Even before the violence surrounding the Boko Haram uprising in northern Nigeria, there were questions over the conduct of the security forces. In the fifth and final part of a series of articles, the BBC's Andrew Walker looks at the prospects for effective police reform:
Everyone in Nigeria has experienced the failure of the police to carry out their duty to uphold the law - from the routine "dashing" money to officers at road checkpoints and failures to investigate crimes to horrifying tales of extortion and murder.
The litany of crimes they commit fill pages of newspapers and reports from human rights organisations.
Put a microphone in front of people in the street, however, and they will say one thing: "It's not as bad as it used to be."
This BBC series has revealed first-hand how the police struggle against incompetence, poor training and equipment.
How they arbitrarily arrest and imprison people and how "shockingly common" extra-judicial executions are.
Such is the mistrust of the police that ordinary people prefer to patrol their own streets and administer their own "jungle justice".
So what are the prospects for improving the police to make it an effective service?
The government is currently attempting to reform the police.
KEY WHITE PAPER REFORMS
Better pay Police officers are paid as little as $40 (£26) a month, this should be raised to $100 for police constables
Bad eggs Deal with the estimated 10,000 officers with criminal records hired between 2001 and 2004
Complaints A reliable system for the public to complain should be established
Better educated Recruits should attain a certain level of qualification before being considered
Promotions Job applications should be transparently managed
Uniforms Policemen should not have to buy their own
Communications Police should get an up-to-date communication network
Equipment Police should be given better investigating tools and the training to use them
They have produced a White Paper with 79 recommendations for improving the police force, which is due to be considered by the National Assembly and turned into a Police Reform Bill.
Reading them it is clear how far the police have to go.
According to the paper, the police needs to be seriously overhauled from better training, new uniforms, more pay, the building of new police stations and colleges to better equipment and promotion regimes.
It describes the resources needed to do it as "enormous", and says it will take at least five years.
But police reform activists say the proposals do not tackle the serious issue of political independence.
"The police will continue to see their job as carrying out the will of the political powers," says Innocent Chukwuma of the Cleen Foundation.
He says recommendations that would have removed the president's power to appoint the chief of police and give the appointee security of tenure in office were taken out of the white paper.
Force or service?
Those in the police itself agree it will be a long road.
"There are numerous challenges the police face," says Assistant Commissioner Austin Iwar at the force headquarters in the capital, Abuja.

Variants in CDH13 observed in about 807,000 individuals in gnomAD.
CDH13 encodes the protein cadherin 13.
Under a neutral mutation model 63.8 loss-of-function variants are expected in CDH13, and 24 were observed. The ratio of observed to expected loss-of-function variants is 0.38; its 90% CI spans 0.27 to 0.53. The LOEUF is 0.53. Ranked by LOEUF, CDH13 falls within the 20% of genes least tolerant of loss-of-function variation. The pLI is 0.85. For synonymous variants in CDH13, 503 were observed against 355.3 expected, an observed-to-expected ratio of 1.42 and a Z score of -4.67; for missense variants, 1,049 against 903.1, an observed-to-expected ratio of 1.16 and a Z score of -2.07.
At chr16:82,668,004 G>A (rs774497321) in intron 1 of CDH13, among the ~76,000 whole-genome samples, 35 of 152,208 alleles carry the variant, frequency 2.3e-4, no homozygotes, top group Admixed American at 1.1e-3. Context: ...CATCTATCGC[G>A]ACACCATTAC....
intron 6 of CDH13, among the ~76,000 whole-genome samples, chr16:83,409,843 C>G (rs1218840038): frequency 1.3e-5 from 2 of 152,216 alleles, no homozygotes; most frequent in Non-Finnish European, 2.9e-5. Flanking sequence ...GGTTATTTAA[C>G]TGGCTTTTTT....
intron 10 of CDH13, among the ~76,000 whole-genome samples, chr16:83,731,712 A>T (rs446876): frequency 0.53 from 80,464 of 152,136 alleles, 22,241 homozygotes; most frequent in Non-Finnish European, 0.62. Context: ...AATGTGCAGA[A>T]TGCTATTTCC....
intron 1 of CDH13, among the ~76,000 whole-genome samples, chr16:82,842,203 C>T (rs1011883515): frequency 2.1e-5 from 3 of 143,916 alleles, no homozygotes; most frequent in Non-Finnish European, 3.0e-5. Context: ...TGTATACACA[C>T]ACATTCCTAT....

Poor equipment is not the only problem the police have, reformers say
"The police as it is now came out of a military administration. That is probably the biggest challenge we face - turning it from a force into a service."
He agrees that police officers often lack the skills needed to police effectively.
But he refuses to admit the most serious allegations made about the police - that they brutally torture and sometimes kill suspects without trial.
"I have spent a long time in investigations in the police and I have never tortured anyone to make a case," he says.
His job is to strengthen the police's "community policing" initiative.
In short, this means improving the relationship between the police and the community, so people do not feel the law is something alien or foreign to them.
Then, when a crime occurs community leaders can bring information to the police to help locate the criminals.
It is a programme supported since 2002 by the UK government's £30m ($45m) Security Justice and Growth programme.
But privately, officers say there is a big problem with reform.
Once an officer gets to a rank where it is possible to make reforms, he or she is so deeply involved in a corrupt system that they cannot change it.
Past attempts at reform have faltered.
In 2007, Inspector General Sunday Ehindero announced that more than 10,000 officers would be sacked in an attempt to root out "bad eggs".
Thousands of officers with criminal records had been knowingly employed by his predecessor Tafa Balogun, who was later convicted on corruption charges.
But the officers who were sacked were often not the "bad eggs", an investigation by the National Assembly heard afterwards
Instead, they had wormed their way into the system and survived the purge.
The investigation also heard how police regulators and the government officials in charge of policing were fully aware of the existence of criminal officers, but for more than five years did nothing about it.
Talking to Nigerians on the streets of Abuja about their police force, most are up-beat about the possibilities of reform.
"They are trying," says 29-year-old Salome, a shopkeeper.
"They need to improve training and pay," says Ibrahim, a civil servant.
But people are also cautious; no-one the BBC spoke to would agree to have their picture taken.
"Most people will feel that if you say something about the police it could be trouble for you, they may trace you," one man said - refusing to give his name.